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The fear factor
19 November 2008
Lenders and borrowers across all financial markets are still assessing the full impact of the credit crisis on their deals. Will the damage to deals, both economic and structural, and past and future, force a new way of lending? By Catherine McGuirk.
Infrastructure assets have enjoyed increasingly positive press on either side of the credit crunch because of their presumed immunity to the economic cycle and the hope for a wave of government spending in coming years. However, the sector shares in many of the crunch's effects, in stresses such as an increased cost of debt, sponsor and lender illiquidity, deleveraging, and a more conservative approach to deal-making. After the first round of the crisis, in the last quarter of 2007, the sector looked vulnerable to a number of concerns; notably widening margins, the possible weakness in the construction sector, and a reduced availability of long-term debt. The 2008 crisis has brought a larger number of more specific risks and weaknesses to the fore.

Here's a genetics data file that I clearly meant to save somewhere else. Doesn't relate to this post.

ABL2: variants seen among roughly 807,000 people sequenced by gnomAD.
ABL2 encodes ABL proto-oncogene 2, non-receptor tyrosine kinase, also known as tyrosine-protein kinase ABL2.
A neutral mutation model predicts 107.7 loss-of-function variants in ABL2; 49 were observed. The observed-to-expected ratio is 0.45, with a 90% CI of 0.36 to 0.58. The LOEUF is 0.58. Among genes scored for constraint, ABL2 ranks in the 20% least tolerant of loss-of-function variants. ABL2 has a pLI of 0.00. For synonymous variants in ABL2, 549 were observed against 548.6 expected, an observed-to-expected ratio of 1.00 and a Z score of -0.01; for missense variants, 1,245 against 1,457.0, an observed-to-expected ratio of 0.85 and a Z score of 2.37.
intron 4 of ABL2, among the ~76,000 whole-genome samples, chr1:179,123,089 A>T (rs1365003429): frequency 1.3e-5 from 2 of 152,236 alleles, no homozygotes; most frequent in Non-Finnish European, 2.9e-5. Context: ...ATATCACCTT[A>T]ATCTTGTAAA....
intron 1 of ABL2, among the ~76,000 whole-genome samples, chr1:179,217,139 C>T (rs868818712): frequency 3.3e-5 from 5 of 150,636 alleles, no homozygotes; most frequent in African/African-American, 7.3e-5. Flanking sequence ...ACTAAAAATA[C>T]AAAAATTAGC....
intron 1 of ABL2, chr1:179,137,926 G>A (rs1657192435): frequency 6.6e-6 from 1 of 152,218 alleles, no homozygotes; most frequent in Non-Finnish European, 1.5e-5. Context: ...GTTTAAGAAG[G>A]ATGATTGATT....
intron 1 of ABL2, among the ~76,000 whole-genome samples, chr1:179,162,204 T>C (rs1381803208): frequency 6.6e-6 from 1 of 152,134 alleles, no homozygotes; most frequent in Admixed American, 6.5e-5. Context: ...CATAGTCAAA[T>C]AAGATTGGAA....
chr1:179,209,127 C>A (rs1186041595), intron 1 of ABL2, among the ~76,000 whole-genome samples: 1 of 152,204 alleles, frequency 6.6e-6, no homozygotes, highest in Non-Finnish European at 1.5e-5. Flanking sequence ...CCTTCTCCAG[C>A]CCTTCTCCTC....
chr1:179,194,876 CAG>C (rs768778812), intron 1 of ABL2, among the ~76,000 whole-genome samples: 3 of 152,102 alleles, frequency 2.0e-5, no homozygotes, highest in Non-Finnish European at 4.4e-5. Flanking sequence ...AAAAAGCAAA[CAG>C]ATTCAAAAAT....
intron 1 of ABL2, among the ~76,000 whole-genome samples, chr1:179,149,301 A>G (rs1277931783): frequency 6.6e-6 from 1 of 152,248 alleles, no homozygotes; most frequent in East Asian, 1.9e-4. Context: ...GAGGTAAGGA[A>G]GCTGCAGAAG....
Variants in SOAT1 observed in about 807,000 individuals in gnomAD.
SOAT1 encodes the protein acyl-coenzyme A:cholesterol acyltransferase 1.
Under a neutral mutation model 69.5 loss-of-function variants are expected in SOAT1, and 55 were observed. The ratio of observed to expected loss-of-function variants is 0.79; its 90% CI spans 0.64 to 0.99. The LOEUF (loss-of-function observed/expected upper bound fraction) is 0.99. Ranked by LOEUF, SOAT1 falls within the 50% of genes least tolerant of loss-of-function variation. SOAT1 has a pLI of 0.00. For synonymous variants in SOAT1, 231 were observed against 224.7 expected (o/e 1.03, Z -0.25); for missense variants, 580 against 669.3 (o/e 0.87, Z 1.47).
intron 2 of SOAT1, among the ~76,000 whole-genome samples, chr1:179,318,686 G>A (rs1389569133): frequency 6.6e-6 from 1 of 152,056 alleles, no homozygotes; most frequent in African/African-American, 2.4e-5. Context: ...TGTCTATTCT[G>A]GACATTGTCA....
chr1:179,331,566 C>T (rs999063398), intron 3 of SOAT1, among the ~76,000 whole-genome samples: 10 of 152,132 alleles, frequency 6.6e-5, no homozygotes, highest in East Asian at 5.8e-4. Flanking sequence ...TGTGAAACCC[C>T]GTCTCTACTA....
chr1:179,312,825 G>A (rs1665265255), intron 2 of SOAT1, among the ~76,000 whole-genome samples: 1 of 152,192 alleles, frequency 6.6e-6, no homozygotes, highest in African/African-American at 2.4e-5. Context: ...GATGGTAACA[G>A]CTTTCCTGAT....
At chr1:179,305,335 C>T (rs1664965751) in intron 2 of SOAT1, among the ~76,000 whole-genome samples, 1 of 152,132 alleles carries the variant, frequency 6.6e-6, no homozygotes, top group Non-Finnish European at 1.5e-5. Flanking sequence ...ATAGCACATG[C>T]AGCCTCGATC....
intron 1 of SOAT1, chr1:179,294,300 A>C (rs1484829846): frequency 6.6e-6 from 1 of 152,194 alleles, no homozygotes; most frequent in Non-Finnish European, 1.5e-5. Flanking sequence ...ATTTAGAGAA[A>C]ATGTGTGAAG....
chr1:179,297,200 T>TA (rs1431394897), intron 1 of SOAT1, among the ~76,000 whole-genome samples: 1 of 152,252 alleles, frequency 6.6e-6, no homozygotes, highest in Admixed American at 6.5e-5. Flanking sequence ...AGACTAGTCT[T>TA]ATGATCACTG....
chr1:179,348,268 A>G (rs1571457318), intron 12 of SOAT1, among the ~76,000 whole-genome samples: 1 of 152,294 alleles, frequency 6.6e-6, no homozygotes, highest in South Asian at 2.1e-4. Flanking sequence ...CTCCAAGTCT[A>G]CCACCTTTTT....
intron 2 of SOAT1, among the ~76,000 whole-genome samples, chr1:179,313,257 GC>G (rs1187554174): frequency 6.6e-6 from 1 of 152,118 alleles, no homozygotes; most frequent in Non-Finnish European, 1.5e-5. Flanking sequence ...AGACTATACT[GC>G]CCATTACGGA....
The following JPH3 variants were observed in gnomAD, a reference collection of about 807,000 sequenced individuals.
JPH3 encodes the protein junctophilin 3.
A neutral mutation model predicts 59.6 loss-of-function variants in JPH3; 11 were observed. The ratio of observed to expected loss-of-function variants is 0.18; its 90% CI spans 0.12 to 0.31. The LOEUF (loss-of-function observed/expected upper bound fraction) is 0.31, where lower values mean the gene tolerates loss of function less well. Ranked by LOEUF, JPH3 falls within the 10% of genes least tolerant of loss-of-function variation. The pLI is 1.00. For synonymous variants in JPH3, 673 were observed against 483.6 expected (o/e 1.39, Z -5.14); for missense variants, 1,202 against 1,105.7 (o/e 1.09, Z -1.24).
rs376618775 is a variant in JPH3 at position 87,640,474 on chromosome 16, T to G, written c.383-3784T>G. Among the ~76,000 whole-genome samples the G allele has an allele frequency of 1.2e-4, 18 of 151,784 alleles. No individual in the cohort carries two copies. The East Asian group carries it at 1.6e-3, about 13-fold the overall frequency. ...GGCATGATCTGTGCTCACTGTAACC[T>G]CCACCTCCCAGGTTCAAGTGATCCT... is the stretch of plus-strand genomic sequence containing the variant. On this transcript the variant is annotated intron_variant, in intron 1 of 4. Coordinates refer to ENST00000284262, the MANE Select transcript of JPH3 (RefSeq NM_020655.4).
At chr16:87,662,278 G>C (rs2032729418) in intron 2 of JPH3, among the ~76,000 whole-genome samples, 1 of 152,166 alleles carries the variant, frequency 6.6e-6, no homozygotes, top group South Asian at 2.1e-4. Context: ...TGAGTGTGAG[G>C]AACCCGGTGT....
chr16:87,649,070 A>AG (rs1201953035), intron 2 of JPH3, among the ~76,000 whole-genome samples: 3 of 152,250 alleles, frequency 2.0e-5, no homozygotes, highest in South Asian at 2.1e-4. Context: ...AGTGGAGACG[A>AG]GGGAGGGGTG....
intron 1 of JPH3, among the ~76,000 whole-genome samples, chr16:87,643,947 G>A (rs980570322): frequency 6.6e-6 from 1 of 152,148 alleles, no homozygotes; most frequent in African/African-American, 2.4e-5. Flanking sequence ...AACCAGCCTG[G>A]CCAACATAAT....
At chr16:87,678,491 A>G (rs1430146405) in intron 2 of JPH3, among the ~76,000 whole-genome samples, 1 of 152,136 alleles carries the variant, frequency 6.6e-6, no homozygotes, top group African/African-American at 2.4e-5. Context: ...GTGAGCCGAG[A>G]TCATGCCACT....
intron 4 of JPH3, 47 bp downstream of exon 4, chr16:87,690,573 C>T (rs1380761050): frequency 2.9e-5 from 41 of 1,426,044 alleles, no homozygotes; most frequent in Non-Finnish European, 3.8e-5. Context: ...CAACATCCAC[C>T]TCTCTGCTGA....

Maura Goldstein, a partner in Baker Botts' global projects group, says that "The immediate reluctance on the part of debt providers to do deals is driven by fear...
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